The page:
On average, it seems that life is sweeter in France than on the other side of the Atlantic Ocean – at least judging by their shorter working hours, longer lunch breaks and extended holidays. In this week’s article, John explains why Jacques Chirac, the French president, is almost the only Frenchman over 70 in regular employment, and why it’s likely to stay that way.
As you walk down from my French house to the town and the sea, you pass the Centre Roger Latournerie, a holiday village for coalminers. Visitors to the centre are mostly retired. Unskilled French workers and public sector employees leave the labour force in increasing numbers after the age of 50 and coalminers fall into both categories. In the age group 55-64, the workforce participation rate in France is 39 per cent against 60 per cent in the US.
Some older French people would like to work and are unable to find jobs. Others are forced to retire through policies imposed by aggressive trade unions. But retirement is mostly welcomed and made possible by generous state benefits. While 12 per cent of American men over 70 work, Jacques Chirac, the president, is almost the only Frenchman of that age in regular employment.
So active retraités stroll the town every morning. Many clutch bags with green crosses, symbols of the pharmacy. French law prohibits US-style drug store chains, but family-owned pharmacies are on every street corner. No patient leaves a consultation without a prescription. Drug prices are low – the pharmaceuticals industry that Mr Chirac is defending from foreign takeover depends more on imitative products than on innovation. A stamp on every packet of drugs entitles the purchaser to reimbursement from an insurer. Comprehensive health coverage is universal.
Along with the pills, the shoppers will be carrying baguettes and other fresh produce, mostly of high quality. You can buy these from market stallholders, or at lower prices and generally of inferior quality from a supermarket. In either case, you may wait some time. Conversation is a market ritual and at the supermarket there are usually three or four people ahead of you at the check-out. The minimum wage makes it expensive to put people on the till.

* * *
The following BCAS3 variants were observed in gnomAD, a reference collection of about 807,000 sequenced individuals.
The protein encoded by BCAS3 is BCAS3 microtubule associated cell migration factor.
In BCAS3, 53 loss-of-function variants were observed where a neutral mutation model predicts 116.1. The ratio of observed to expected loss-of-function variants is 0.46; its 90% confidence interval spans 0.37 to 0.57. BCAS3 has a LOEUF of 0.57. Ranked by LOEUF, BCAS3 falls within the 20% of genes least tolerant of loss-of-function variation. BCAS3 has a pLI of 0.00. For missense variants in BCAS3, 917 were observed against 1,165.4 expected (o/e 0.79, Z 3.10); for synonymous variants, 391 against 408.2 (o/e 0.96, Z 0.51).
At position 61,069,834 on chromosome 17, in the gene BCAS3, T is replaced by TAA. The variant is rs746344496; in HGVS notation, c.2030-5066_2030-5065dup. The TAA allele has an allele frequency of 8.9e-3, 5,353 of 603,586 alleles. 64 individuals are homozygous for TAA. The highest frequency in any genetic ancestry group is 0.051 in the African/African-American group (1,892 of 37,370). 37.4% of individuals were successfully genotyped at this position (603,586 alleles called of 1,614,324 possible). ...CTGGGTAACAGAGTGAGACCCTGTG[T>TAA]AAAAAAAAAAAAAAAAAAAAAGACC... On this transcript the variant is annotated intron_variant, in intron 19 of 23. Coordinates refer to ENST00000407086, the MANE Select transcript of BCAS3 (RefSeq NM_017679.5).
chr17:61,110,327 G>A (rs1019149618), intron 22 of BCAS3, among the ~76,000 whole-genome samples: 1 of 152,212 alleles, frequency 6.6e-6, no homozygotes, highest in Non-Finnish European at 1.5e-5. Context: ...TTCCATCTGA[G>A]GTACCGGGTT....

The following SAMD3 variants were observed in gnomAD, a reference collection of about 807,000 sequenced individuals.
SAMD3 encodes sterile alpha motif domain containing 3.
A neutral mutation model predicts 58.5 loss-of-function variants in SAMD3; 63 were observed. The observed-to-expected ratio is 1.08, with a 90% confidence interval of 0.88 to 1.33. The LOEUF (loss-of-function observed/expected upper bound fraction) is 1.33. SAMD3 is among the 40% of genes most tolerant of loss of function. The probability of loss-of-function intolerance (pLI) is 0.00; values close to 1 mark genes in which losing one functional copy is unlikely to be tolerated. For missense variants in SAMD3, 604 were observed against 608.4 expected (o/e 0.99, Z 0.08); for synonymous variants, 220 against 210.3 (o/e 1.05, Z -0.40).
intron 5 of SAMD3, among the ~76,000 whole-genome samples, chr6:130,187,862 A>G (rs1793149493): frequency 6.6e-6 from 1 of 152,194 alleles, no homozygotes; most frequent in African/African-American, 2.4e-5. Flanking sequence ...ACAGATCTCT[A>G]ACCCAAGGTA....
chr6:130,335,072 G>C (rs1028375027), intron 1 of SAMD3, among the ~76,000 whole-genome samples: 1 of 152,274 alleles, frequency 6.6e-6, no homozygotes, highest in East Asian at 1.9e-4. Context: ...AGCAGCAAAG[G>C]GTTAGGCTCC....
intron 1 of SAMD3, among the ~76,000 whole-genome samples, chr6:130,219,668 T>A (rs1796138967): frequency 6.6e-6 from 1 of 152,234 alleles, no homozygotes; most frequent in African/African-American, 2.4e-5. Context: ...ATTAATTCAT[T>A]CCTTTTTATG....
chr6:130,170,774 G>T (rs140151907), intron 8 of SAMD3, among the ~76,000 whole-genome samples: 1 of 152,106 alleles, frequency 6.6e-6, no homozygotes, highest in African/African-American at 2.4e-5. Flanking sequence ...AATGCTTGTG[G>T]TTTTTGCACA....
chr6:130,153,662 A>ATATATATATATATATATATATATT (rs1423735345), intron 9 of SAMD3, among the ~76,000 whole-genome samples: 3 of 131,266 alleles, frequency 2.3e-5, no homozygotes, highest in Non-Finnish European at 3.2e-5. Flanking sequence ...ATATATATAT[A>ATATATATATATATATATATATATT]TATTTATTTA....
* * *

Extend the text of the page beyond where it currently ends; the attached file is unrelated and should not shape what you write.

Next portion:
Purchases must be completed by midday, because the shops will then be closing for two hours or so: only the largest supermarkets stay open over lunch. The average working week in France is 34 hours, against 40 in the US. The 35-hour week was adopted by Lionel Jospin’s socialist government in 1997 but it only reinforced an established trend, and insistence on lunch is a tradition. In August, the town is swamped by holiday-makers from Paris and the north. The average French worker has 25 days of paid holiday a year, against 17 in the US.
As you read this, I shall be driving from the airport. I have a choice of three British carriers between London and Nice, at low fares; Air France, with high labour costs and obstructive unions, has abandoned the attempt to compete. As you join the motorway, you pass a large hotel school: there the state provides the training that Hyatt and McDonald’s provide in the US.
French hotels and restaurants are the envy of the world. But there is no sign of that in L’Ariane, a suburb of Nice cut off from the city as the autoroute swings north, full of unemployed immigrants and riddled with crime and drugs. The combined effect of youth unemployment, extensive vocational training and a higher education system in which people attend university full time, and interminably, means young men and women enter the workforce only slowly. That keeps the participation rate in the 15-24 age group down to 30 per cent. People aged 25-54, however, are more likely to have jobs in France than their counterparts in the US: the excluded underclass is much smaller and so is the jail population.
The consequence of all these factors – less work from older and younger people, shorter hours and long lunch breaks, extended holidays – is that average hours worked annually per head of population are 613 in France against 888 in the US. The people who are not working in France are those who would mostly have below average productivity. That is why output per hour is higher in France, but output per head is higher in the US.
France is a different country, and when the French voted strongly for socialists last weekend they expressed dissatisfaction with the country’s economic performance but greater dissatisfaction with the efforts of Jean-Pierre Raffarin, the prime minister, to change it. They like things as they are. So do I: that is why I am here.